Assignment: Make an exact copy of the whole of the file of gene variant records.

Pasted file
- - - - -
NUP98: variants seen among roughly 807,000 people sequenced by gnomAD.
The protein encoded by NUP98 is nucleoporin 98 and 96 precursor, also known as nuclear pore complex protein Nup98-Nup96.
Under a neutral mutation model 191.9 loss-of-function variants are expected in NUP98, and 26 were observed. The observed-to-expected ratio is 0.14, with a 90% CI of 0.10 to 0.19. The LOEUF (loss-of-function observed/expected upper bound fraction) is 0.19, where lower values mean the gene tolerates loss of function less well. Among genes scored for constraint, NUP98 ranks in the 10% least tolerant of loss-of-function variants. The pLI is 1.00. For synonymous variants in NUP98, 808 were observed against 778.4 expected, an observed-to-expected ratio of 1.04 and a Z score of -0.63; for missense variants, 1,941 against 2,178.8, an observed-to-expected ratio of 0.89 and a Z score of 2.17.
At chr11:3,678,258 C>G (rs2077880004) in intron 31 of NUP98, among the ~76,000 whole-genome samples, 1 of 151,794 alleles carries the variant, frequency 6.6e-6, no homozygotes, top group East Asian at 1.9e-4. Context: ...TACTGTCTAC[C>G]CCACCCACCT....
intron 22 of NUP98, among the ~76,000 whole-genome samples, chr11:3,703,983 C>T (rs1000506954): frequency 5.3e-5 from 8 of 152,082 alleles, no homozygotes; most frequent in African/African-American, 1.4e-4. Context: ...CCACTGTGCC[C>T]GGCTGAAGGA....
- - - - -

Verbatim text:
NUP98: variants seen among roughly 807,000 people sequenced by gnomAD.
The protein encoded by NUP98 is nucleoporin 98 and 96 precursor, also known as nuclear pore complex protein Nup98-Nup96.
Under a neutral mutation model 191.9 loss-of-function variants are expected in NUP98, and 26 were observed. The observed-to-expected ratio is 0.14, with a 90% CI of 0.10 to 0.19. The LOEUF (loss-of-function observed/expected upper bound fraction) is 0.19, where lower values mean the gene tolerates loss of function less well. Among genes scored for constraint, NUP98 ranks in the 10% least tolerant of loss-of-function variants. The pLI is 1.00. For synonymous variants in NUP98, 808 were observed against 778.4 expected, an observed-to-expected ratio of 1.04 and a Z score of -0.63; for missense variants, 1,941 against 2,178.8, an observed-to-expected ratio of 0.89 and a Z score of 2.17.
At chr11:3,678,258 C>G (rs2077880004) in intron 31 of NUP98, among the ~76,000 whole-genome samples, 1 of 151,794 alleles carries the variant, frequency 6.6e-6, no homozygotes, top group East Asian at 1.9e-4. Context: ...TACTGTCTAC[C>G]CCACCCACCT....
intron 22 of NUP98, among the ~76,000 whole-genome samples, chr11:3,703,983 C>T (rs1000506954): frequency 5.3e-5 from 8 of 152,082 alleles, no homozygotes; most frequent in African/African-American, 1.4e-4. Context: ...CCACTGTGCC[C>T]GGCTGAAGGA....